COLUMBIA — A group of Missouri leaders assembled in Columbia this weekend to discuss how they can promote the interests of the University of Missouri System throughout the state.
UM System President Gordon Lamb announced in August that he would assemble a group called The Missouri 100 to provide “support and enthusiasm” for the system’s four campuses. The group has 50 members, as well as nine members of the Board of Curators, who serve as ex-officio members.
Lamb said the number of members is “not sanctity,” and more will be added in the future.
“We found people who already supported the university and began with them,” Lamb said. “From there, we asked, ‘Who are people like them?’”
The Missouri 100 members make or raise charitable contributions to the UM System of at least $1,000 and are responsible for meeting with the president when he travels around the state.
Curator Chairman Don Walsworth said the group acts a “sounding board” for the president, and the group is the first of its kind.
At the group’s inaugural meetings this weekend, members had a reception at Lamb’s official Providence Point residence and a meeting at the Hilton Garden Inn to learn more about the UM System’s priorities. At the Saturday morning breakfast, the group listened to three presentations about health care, economic development and competitive salaries.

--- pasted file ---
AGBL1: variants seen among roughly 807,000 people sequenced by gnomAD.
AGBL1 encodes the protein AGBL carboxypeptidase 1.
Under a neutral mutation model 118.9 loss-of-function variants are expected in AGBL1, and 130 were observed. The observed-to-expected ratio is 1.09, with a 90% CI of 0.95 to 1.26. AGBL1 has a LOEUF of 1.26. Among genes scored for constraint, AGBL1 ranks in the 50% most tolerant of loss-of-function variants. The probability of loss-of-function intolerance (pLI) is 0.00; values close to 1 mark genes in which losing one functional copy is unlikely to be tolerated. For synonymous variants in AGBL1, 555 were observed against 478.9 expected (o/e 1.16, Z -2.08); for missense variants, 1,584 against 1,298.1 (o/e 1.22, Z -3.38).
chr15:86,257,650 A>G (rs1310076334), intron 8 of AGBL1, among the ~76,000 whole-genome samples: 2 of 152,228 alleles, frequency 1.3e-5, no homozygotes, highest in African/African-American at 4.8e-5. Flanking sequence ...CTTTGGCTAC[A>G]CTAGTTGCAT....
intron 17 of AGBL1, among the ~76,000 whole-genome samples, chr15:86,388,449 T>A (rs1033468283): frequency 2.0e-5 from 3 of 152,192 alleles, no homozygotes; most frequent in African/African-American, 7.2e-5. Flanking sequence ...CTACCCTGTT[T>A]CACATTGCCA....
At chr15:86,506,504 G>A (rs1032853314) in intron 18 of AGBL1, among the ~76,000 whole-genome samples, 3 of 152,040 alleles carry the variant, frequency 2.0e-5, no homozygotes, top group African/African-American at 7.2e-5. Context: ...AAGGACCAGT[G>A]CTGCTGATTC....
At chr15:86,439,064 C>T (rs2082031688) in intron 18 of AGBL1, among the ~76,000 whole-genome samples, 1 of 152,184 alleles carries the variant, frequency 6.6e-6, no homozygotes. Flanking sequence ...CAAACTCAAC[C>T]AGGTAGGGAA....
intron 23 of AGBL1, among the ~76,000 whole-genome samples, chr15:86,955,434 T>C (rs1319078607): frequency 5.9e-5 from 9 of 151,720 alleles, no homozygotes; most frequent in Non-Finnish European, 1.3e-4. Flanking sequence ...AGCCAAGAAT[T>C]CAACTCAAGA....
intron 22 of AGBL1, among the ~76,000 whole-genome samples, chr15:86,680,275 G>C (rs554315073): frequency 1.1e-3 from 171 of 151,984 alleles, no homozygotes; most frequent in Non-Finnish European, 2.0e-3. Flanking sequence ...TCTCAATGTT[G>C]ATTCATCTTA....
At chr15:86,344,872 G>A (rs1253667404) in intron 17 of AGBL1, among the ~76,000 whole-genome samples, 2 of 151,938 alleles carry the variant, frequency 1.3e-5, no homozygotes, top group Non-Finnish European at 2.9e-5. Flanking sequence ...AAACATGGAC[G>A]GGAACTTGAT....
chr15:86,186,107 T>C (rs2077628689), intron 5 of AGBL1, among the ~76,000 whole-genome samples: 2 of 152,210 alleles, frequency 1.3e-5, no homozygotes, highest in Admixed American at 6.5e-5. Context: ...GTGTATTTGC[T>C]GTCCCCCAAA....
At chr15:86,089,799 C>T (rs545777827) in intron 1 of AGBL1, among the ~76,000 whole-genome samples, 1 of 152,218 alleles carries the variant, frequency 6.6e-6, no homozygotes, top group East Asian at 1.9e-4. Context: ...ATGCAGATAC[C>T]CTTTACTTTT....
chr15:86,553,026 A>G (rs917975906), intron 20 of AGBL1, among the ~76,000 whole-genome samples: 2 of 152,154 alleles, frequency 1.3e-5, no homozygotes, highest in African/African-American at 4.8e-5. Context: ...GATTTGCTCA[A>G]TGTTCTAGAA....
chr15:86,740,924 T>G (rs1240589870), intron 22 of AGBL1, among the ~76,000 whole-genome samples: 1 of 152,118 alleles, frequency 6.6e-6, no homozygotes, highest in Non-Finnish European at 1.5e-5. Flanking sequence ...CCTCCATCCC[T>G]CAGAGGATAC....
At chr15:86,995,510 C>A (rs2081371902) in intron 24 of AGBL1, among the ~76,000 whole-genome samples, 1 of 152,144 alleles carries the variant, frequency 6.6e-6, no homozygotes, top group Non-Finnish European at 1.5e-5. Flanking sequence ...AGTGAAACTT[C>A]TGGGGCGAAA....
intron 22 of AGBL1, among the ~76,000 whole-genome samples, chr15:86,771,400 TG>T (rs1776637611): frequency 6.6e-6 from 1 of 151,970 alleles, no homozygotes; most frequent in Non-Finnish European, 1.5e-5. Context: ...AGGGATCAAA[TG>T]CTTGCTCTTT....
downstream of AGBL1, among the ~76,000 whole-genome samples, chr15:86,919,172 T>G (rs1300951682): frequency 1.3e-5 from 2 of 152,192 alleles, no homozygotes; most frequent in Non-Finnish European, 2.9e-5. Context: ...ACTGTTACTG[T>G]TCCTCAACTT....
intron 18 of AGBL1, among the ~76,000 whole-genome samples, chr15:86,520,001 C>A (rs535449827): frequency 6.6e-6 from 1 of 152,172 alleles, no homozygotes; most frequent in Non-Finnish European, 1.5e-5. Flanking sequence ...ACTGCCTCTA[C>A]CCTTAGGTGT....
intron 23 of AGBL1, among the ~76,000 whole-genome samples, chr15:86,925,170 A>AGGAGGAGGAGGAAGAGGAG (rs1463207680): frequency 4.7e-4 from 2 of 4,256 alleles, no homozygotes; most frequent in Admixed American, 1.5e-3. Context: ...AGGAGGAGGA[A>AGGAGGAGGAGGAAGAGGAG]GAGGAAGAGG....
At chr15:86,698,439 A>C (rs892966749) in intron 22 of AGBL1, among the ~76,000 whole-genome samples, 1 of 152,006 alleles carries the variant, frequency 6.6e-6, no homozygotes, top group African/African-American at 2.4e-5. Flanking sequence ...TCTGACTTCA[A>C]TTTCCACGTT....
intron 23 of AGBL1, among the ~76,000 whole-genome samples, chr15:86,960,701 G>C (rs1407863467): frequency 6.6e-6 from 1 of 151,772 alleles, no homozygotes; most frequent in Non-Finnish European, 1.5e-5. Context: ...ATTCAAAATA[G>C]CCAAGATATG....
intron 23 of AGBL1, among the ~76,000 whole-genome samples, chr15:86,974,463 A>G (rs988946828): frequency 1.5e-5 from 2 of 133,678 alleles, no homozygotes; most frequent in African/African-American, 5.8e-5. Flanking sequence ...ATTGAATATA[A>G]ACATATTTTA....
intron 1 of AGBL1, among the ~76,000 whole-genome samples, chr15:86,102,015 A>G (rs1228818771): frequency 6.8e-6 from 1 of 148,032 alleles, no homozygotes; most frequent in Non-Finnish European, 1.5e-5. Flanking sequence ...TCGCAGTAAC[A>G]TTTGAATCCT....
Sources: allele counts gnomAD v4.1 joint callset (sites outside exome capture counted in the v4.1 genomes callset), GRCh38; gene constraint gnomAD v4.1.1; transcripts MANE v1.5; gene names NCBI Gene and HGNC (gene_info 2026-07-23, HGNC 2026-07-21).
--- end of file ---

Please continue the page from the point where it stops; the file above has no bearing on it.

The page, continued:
Marion Cairns, a curator, said that, as a former state legislator, she knows how influential constituents can be.
“This is a great university that people too often do not know about,” Cairns said. “We need to get people who are influential in communities involved to influence legislators. They can do this better than anyone because they vote for their local candidates.”
U.S. Sen. Claire McCaskill, D-Mo., said it is important to have people involved that have their own “sphere of influence outside the university.”
“Does the university have great professors? Yes. Does the university have great programs? Yes. But the real strength are those people who have graduated and gone on to be successful,” McCaskill said before her speech to The Missouri 100 members.
During his speech, U.S. Sen. Kit Bond, R-Mo., said, “Getting this group to speak in one voice about anything is a big stump to jump.”
He said the group will help not only the state, but the country, understand what the UM System contributes.
The three honorary co-chairpeople of the committee are Cynthia Brinkley, president of AT&T Missouri; Richard Miller, president and CEO of Miller’s Professional Imaging; and Gary Forsee, former CEO of Sprint Nextel.
Forsee said his job includes helping the president identify leaders and spread the word about the UM System.
“This is an important chance for people throughout the state and community to broadly ask leaders for support,” he said.